By Christina Fazio

Comment Staff


Over the past two weeks, we have been bombarded with news and controversy revolving the government’s recent shut down, Obamacare and the Affordable Care Act. Many have taken their stance on either side of the fence, while others remain baffled by all of the political nonsense.

401(K) 2012 - Photo, Used under creative commons.
401(K) 2012 – Photo, Used under creative commons.

Everyone has their own say on the matter, which is protected by our Constitution which thankfully hasn’t shut down. However, many are uninformed of the many benefits Obamacare has proposed for today’s young adult population.

First things first, if you haven’t already been informed, Obamacare and the Affordable Care Act are the exact same plan, just different terminology. With having said that, educate yourself on the benefits it has to offer you.

Before the Affordable Care Act has gone into place, women have been victims of inequality and sexism taking place in the health insurance market for far too long. Up until now, health insurance companies have been charging women significantly higher costing premiums in comparison to men.

It’s undoubtedly unjust to charge women more money for health insurance, just because of anatomical differences. Thanks to Obamacare, us women are protected in which we will no longer be unfairly charged.

Another noteworthy highlight of the Affordable Care Act, is the idea that health insurances will no longer be able to discriminate against those who have pre-existing medical conditions. The act also requires health insurance to cover costs related to medical conditions present before initiation of their health insurance plan.

According to HealthCare.gov, starting in 2014, health insurance companies are required to provide essential health benefits, which fall amongst 10 categories including, “ambulatory patient services, emergency services, hospitalization, maternity and newborn care, mental health and substance use disorder services, including behavioral health treatment, prescription drugs, rehabilitative and habilitative services and devices, laboratory services, preventive and wellness services and chronic disease management, and pediatric services, including oral and vision care.”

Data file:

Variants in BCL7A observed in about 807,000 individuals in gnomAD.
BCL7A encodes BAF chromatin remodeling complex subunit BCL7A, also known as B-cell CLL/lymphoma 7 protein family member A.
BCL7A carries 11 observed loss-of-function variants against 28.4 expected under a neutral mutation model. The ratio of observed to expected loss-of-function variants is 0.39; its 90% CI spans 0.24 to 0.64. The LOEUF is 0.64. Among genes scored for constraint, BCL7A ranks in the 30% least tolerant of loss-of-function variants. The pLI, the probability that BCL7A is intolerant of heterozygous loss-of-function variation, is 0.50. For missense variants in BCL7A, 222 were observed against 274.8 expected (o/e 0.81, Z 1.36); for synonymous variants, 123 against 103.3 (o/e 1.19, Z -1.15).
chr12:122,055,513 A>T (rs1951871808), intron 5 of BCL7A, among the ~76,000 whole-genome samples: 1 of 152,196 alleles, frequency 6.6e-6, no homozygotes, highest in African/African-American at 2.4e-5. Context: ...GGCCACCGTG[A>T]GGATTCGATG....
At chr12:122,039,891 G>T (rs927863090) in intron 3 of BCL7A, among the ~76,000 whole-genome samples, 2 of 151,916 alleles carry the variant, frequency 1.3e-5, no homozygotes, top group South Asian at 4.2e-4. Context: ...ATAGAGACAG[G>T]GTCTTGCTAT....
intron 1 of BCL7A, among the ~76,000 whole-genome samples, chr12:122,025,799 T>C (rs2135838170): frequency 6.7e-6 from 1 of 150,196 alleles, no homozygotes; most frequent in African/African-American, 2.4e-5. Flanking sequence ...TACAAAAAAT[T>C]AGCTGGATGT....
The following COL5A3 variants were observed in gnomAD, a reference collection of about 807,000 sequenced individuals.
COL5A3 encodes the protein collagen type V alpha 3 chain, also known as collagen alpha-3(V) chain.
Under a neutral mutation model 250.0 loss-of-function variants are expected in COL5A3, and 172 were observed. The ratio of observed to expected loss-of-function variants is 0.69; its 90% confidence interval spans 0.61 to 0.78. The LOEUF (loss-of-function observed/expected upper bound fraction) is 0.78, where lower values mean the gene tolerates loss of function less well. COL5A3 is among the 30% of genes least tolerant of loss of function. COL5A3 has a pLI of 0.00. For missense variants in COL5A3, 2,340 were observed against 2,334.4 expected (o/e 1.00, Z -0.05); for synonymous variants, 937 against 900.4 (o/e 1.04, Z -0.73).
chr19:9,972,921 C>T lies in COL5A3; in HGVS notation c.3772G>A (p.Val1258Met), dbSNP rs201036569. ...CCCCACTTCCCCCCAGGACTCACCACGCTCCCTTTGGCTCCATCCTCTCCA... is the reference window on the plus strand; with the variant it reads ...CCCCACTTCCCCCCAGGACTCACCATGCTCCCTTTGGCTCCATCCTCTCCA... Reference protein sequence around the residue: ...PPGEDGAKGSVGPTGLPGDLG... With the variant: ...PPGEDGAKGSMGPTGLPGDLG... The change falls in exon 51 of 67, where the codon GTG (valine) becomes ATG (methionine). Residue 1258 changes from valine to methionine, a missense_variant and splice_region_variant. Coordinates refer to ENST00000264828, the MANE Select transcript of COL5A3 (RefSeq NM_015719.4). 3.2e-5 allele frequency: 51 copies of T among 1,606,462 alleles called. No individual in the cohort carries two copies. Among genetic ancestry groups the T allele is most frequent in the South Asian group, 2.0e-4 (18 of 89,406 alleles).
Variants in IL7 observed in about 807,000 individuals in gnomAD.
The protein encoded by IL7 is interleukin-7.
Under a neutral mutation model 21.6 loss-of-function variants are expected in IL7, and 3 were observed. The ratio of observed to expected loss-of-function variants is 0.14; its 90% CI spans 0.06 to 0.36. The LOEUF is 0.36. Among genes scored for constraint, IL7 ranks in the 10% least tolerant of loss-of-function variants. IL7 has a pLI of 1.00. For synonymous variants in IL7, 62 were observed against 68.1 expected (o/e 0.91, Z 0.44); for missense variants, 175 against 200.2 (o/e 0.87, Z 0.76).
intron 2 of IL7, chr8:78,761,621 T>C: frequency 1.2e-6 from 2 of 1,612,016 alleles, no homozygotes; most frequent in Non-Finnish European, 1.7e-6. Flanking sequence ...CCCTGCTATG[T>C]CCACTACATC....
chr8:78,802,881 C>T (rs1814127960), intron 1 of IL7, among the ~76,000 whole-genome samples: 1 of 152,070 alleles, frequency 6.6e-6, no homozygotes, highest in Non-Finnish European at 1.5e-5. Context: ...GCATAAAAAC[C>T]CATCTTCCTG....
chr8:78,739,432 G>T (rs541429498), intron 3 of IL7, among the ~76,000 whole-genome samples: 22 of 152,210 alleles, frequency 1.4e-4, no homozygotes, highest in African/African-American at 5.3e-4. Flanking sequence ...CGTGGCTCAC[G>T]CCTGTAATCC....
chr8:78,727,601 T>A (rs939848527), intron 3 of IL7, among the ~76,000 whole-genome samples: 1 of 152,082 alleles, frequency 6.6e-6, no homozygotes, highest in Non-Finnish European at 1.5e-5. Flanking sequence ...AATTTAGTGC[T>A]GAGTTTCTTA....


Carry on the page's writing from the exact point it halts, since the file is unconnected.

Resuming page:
We are the individuals who rationalize their reason for not being concerned with health insurance because we are young, and supposed to be healthy. In reality, our student body is a collective population of risk takers, travelers, athletes and all come from diverse medical backgrounds.

Obamacare has taken these factors into consideration and has viewed the population of those ranging in 21 years of age to 26, as the ones most likely to need medical services in comparison to those under the age of 21. Most students were booted from their health insurance upon turning 19, and are often unable to obtain health insurance through their employer’s because of seasonal and part time policies.

The Affordable Care Act offers solutions to these obstacles, in which students can now remain covered under their parent’s health insurance up until the age of 26. Thanks, Obama.

Christina Fazio is a Comment opinion writer. Email her at cfazio@student.bridgew.edu.

+ posts

Leave a Reply

Your email address will not be published. Required fields are marked *


God Called, and He Told Us to Chill

I’ve never been great at small talk, but I’m going to give it a try: Some weather we’ve been having, huh? First, a 4.8 magnitude earthquake shook New England last Friday morning. Then on Monday, a total solar eclipse passed over the region, the last we’ll see (unless you forgot your eclipse glasses—protect your retinas!) […]

Ode to the Campus Bikers

A few days ago I sat with my friends in University Park, waiting for the solar eclipse to (somewhat) knock my socks off, when all of a sudden there they were. We all know them. That group of middle school kids that ride around campus on their bikes, acting all tough with their wheelies.  I […]